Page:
His chest relaxed. He clapped his hands together several times and then went to the kitchen to make tea. When he returned two minutes later the user added: @quarkcola Why the f am I talking to a soda. lol. #absurd

During the first three months his followers swelled by some three-hundred thousand. His tenure was considered a broad success, although Samantha did request that he become more involved in replying to friendly incoming tweets. Most importantly, though, was the absence of any major public relations incidents.

He could feel very acutely that the job was a temporary one, however. The rise in followers seemed independent of him, as the first four million had been independent of the actions of the Quark offices. The page, and the network that surrounded it, seemed to have a momentum unaffected by his actions. Quark Cola was huge, so the page was huge. If so, what was he doing there? He realised that he could not be replaced by a piece of software, as the very reason he’d been employed was to avoid the kind of contextual lapses that software was so often prone to making. Twitter had created a system that demanded the attention of intelligent people, individuals capable of assuming the entire false persona of a global brand without lapses, but there was no reward for that attention. Quark Cola were obliged to maintain a Twitter page, which meant an individual was obliged to maintain the page. As Samantha had hinted in his original interview, it was a responsibility, not an opportunity.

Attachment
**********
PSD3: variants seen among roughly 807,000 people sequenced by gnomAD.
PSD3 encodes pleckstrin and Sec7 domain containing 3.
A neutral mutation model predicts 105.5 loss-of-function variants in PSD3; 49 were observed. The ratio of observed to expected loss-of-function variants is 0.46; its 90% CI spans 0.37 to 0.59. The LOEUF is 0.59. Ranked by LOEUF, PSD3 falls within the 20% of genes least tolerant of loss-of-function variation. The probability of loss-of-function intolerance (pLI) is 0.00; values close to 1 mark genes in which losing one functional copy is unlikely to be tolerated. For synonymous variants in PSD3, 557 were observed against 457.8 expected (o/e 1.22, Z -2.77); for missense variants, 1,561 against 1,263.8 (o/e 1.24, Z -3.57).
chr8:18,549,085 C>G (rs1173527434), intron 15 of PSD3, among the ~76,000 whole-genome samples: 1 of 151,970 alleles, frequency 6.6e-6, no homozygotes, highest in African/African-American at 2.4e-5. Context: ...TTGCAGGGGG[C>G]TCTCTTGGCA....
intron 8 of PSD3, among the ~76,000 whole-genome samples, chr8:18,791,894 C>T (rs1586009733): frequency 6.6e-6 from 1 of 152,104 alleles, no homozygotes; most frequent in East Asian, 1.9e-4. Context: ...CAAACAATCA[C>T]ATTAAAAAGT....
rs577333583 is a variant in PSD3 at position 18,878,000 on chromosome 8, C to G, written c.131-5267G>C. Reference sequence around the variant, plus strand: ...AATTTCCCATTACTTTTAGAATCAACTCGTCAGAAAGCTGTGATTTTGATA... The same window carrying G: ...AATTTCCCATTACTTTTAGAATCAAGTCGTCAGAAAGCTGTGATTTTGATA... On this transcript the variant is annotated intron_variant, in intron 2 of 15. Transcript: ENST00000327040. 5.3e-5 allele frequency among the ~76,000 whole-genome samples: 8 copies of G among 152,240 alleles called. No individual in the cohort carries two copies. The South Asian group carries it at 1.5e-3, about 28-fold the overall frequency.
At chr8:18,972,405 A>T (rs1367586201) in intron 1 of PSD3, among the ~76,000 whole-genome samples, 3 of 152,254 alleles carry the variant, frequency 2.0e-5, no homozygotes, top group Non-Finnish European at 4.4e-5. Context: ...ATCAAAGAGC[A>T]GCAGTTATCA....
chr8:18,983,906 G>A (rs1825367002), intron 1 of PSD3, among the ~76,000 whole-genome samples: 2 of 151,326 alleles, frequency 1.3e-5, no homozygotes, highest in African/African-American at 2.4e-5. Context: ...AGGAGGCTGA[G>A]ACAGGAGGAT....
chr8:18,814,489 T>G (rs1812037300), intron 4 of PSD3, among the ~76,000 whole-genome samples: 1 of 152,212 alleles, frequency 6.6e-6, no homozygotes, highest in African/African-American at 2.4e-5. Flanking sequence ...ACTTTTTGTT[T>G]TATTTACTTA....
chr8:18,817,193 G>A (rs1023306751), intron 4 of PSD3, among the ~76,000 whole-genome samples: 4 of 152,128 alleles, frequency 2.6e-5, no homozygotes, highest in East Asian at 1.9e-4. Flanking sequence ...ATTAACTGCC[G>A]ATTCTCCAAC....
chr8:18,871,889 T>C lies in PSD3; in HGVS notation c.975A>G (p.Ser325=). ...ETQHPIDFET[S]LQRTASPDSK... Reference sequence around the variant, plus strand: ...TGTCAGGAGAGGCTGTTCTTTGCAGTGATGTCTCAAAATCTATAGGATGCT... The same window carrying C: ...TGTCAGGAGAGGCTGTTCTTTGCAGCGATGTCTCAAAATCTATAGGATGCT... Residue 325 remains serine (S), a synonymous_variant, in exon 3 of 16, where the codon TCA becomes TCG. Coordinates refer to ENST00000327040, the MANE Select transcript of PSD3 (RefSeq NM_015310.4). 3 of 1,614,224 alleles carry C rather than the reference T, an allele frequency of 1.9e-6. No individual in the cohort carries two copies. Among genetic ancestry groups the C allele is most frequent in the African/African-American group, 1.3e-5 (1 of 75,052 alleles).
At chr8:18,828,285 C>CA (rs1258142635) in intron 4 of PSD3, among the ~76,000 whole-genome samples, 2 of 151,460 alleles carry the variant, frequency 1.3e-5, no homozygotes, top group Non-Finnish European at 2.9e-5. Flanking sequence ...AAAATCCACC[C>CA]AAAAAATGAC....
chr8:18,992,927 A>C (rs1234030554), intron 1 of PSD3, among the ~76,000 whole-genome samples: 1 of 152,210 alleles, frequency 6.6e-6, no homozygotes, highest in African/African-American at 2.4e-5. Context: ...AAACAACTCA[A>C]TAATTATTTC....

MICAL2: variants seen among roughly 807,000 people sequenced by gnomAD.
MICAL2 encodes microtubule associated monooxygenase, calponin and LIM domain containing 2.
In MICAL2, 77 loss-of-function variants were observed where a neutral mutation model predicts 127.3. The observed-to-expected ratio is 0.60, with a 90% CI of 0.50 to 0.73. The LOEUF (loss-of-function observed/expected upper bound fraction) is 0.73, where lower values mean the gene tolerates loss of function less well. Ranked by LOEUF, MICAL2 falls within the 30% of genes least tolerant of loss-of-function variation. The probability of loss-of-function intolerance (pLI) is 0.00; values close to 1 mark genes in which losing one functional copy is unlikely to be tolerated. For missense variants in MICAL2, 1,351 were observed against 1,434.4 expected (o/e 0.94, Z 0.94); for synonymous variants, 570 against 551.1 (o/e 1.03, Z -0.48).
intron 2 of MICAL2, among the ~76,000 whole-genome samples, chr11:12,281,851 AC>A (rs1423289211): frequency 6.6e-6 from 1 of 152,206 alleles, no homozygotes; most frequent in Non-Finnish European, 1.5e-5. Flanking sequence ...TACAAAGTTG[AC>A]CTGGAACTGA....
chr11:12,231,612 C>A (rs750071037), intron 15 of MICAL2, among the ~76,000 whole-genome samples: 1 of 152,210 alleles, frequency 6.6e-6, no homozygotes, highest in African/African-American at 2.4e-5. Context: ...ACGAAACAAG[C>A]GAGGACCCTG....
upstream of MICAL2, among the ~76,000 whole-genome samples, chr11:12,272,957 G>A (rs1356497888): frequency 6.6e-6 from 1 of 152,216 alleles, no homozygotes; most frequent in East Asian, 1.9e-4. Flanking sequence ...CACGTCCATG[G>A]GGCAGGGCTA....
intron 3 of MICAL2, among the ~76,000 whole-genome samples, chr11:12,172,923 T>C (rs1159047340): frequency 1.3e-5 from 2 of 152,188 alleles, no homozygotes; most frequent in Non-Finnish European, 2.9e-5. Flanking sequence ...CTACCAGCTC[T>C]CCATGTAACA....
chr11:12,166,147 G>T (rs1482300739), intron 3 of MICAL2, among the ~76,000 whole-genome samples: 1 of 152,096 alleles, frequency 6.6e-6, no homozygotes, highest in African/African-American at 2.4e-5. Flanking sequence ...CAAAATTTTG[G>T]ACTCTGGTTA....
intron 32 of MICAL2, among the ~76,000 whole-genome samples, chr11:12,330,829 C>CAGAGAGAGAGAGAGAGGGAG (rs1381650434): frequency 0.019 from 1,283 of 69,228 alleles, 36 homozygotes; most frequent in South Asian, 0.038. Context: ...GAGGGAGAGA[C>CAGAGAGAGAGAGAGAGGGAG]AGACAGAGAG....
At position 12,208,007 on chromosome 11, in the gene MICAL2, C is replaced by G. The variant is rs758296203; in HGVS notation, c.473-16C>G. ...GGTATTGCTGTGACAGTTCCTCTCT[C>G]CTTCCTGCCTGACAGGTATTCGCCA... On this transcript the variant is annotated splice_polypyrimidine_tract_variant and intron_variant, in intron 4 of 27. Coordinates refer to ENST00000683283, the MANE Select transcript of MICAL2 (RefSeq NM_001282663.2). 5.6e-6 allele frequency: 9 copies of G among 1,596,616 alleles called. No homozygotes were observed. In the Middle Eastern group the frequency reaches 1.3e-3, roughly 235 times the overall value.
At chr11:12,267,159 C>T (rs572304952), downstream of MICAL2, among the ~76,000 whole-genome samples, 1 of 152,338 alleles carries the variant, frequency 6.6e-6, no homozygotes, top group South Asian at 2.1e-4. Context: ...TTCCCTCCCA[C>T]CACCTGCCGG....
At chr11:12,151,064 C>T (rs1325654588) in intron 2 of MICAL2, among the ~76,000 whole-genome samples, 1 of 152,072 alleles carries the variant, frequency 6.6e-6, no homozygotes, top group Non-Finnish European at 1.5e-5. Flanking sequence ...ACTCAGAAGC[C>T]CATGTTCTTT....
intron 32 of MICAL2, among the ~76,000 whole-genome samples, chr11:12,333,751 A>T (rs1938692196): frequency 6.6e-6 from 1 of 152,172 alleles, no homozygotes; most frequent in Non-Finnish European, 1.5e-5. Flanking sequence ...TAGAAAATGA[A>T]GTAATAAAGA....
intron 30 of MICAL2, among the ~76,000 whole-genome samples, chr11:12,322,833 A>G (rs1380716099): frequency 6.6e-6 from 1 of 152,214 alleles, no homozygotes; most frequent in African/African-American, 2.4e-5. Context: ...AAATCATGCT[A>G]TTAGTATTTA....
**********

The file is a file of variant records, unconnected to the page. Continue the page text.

He often considered publicly admitting the health consequences sugary drinks such as Quark Cola, with some links to peer-reviewed research on the matter. He would be immediately fired, possibly sued. The links would be deleted in short order. They would spread beyond that deletion, of course, but it was only facts that everyone already knew. So it would be no great surprise to anyone. Everyone would understand that it was a disgruntled employee, and as such the tweets would be excused. He spoke as Quark Cola, but only up to a point. He was thought of as Quark Cola because he spoke the way Quark Cola was expected to speak. Any deviation would collapse the illusion.

He never drank the cola, hadn’t tasted it since he was a child. He didn’t like bubbles. ‘Do you eat Prats Chips?’ he asked a fellow big brand Twitter one night. ‘Nope. You can’t get them in this country,’ Prats replied. ‘Never tasted them.’

Was his job a deception? Were his words false representation? It was not so easy to say. First you would have to ask his followers who they thought they were following. Who they thought they were talking to when they messaged @quarkcola. A brand? A representative sitting in an office in Quark headquarters? Some disembodied concept of the product? A sweating, ice-filled glass of Quark Cola?

@sharonfinkler That’s super! I hope you have a nice weekend! @Peetpeet3 Glad you enjoyed it. Take it easy on those roller-skates! @replaaab You don’t need to tell us! Enjoy your daughter’s birthday! It continued like this.

Written by Pierce Gleeson
Posted on the 18 Jun, 2012